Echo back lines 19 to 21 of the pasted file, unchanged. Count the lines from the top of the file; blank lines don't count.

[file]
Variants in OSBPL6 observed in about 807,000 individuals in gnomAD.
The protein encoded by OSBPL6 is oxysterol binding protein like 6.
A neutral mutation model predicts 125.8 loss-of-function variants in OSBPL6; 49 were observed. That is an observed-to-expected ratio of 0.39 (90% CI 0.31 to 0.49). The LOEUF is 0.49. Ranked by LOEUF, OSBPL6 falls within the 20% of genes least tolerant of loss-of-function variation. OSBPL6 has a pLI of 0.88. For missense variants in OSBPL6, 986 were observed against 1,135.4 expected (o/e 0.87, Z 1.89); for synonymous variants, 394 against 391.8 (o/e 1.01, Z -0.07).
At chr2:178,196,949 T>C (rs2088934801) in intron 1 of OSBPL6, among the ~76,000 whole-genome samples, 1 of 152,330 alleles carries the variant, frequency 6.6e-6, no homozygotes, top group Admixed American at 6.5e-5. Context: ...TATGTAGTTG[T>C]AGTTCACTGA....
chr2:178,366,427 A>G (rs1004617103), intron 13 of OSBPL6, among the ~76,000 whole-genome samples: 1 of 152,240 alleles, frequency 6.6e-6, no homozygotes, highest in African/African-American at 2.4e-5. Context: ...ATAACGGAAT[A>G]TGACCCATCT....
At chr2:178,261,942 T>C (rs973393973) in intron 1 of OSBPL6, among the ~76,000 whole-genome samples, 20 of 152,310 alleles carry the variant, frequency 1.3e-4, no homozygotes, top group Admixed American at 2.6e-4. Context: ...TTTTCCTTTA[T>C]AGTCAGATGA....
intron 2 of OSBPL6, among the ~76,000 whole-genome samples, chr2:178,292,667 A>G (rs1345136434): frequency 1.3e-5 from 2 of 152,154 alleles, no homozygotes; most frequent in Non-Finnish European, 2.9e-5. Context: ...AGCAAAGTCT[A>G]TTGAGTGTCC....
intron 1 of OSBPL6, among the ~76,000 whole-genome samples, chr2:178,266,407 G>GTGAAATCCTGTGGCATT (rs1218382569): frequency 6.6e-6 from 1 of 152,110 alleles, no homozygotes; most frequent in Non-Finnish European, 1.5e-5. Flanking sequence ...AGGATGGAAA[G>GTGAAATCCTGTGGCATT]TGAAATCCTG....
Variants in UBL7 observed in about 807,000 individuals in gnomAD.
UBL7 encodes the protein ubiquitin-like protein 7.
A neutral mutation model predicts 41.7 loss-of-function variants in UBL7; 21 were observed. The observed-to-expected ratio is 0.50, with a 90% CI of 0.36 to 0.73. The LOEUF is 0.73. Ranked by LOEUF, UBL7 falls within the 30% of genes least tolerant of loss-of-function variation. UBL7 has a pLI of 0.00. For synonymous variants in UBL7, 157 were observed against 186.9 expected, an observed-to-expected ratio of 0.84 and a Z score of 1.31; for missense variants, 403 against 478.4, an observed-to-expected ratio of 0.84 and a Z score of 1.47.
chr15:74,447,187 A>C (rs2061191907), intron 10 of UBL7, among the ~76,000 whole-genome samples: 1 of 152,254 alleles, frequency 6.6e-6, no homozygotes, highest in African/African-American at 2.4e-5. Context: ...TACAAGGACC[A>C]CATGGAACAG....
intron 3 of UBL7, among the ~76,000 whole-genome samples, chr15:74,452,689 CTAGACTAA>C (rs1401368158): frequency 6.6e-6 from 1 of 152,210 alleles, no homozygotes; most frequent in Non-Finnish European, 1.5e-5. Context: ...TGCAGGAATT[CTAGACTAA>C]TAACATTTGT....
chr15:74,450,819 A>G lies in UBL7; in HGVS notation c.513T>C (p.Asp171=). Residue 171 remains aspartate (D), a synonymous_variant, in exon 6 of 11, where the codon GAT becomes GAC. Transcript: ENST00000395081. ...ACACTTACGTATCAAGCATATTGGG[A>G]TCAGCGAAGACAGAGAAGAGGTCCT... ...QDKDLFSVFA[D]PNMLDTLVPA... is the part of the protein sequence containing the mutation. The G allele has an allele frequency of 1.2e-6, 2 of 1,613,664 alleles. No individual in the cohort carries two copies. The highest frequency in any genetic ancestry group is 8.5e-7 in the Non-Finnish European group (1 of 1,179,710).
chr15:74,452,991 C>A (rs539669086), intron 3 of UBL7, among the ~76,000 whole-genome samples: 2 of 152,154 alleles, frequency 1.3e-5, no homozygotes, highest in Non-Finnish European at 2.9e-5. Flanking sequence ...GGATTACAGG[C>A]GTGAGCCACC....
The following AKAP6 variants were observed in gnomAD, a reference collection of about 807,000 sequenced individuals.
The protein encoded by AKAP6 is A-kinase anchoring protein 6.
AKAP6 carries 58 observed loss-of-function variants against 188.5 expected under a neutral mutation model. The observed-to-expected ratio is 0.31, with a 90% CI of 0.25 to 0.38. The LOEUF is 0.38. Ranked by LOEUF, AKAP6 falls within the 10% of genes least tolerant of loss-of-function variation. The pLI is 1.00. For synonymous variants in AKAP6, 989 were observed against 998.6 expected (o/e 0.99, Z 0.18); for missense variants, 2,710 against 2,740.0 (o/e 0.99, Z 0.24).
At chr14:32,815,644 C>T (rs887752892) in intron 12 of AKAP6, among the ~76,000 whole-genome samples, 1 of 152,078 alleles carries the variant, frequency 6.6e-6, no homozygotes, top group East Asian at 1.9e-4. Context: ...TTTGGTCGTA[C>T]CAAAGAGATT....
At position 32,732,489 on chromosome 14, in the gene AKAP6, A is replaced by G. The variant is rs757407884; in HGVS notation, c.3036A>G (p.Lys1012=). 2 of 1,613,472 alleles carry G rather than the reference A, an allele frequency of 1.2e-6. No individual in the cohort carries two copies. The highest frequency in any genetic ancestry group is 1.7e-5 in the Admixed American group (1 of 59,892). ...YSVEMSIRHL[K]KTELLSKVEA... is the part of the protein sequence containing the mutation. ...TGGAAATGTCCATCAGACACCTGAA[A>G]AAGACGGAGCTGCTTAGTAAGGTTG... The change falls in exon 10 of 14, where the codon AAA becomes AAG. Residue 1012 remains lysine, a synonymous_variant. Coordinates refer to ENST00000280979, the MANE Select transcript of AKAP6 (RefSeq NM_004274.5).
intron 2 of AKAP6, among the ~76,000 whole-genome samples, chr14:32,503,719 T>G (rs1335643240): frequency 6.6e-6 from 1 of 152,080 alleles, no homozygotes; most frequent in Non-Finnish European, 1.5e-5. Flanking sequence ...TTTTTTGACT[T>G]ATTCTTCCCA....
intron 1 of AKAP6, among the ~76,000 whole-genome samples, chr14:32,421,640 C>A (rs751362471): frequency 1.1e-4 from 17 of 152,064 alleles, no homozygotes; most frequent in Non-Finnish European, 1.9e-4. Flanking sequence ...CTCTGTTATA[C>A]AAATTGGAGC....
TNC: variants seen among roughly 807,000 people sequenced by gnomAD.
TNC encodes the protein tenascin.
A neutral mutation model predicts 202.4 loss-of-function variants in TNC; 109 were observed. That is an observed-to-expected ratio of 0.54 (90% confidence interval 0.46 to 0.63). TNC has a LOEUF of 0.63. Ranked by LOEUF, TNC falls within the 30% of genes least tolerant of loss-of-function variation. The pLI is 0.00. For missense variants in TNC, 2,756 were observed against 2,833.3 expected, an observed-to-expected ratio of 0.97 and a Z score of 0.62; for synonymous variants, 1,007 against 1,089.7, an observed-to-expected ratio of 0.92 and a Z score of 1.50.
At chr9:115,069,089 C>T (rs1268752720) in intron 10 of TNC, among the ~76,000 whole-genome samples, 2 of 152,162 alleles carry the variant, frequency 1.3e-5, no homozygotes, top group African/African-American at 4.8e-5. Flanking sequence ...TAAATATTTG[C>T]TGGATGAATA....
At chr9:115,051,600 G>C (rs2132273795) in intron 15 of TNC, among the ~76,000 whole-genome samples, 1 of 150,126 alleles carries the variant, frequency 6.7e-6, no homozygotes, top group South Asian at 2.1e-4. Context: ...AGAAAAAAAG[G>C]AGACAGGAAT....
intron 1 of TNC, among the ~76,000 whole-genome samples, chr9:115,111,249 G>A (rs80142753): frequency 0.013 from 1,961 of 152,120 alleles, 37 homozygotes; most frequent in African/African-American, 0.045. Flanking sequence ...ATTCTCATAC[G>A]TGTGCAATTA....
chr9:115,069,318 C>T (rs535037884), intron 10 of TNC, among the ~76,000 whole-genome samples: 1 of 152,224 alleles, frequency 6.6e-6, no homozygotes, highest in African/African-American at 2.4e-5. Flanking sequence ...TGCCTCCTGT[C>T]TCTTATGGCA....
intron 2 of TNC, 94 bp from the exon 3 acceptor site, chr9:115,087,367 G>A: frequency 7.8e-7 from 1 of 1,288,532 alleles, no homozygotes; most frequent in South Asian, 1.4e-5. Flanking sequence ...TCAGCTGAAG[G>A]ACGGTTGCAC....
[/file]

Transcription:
At chr14:32,815,644 C>T (rs887752892) in intron 12 of AKAP6, among the ~76,000 whole-genome samples, 1 of 152,078 alleles carries the variant, frequency 6.6e-6, no homozygotes, top group East Asian at 1.9e-4. Context: ...TTTGGTCGTA[C>T]CAAAGAGATT....
At position 32,732,489 on chromosome 14, in the gene AKAP6, A is replaced by G. The variant is rs757407884; in HGVS notation, c.3036A>G (p.Lys1012=). 2 of 1,613,472 alleles carry G rather than the reference A, an allele frequency of 1.2e-6. No individual in the cohort carries two copies. The highest frequency in any genetic ancestry group is 1.7e-5 in the Admixed American group (1 of 59,892). ...YSVEMSIRHL[K]KTELLSKVEA... is the part of the protein sequence containing the mutation. ...TGGAAATGTCCATCAGACACCTGAA[A>G]AAGACGGAGCTGCTTAGTAAGGTTG... The change falls in exon 10 of 14, where the codon AAA becomes AAG. Residue 1012 remains lysine, a synonymous_variant. Coordinates refer to ENST00000280979, the MANE Select transcript of AKAP6 (RefSeq NM_004274.5).
intron 2 of AKAP6, among the ~76,000 whole-genome samples, chr14:32,503,719 T>G (rs1335643240): frequency 6.6e-6 from 1 of 152,080 alleles, no homozygotes; most frequent in Non-Finnish European, 1.5e-5. Flanking sequence ...TTTTTTGACT[T>G]ATTCTTCCCA....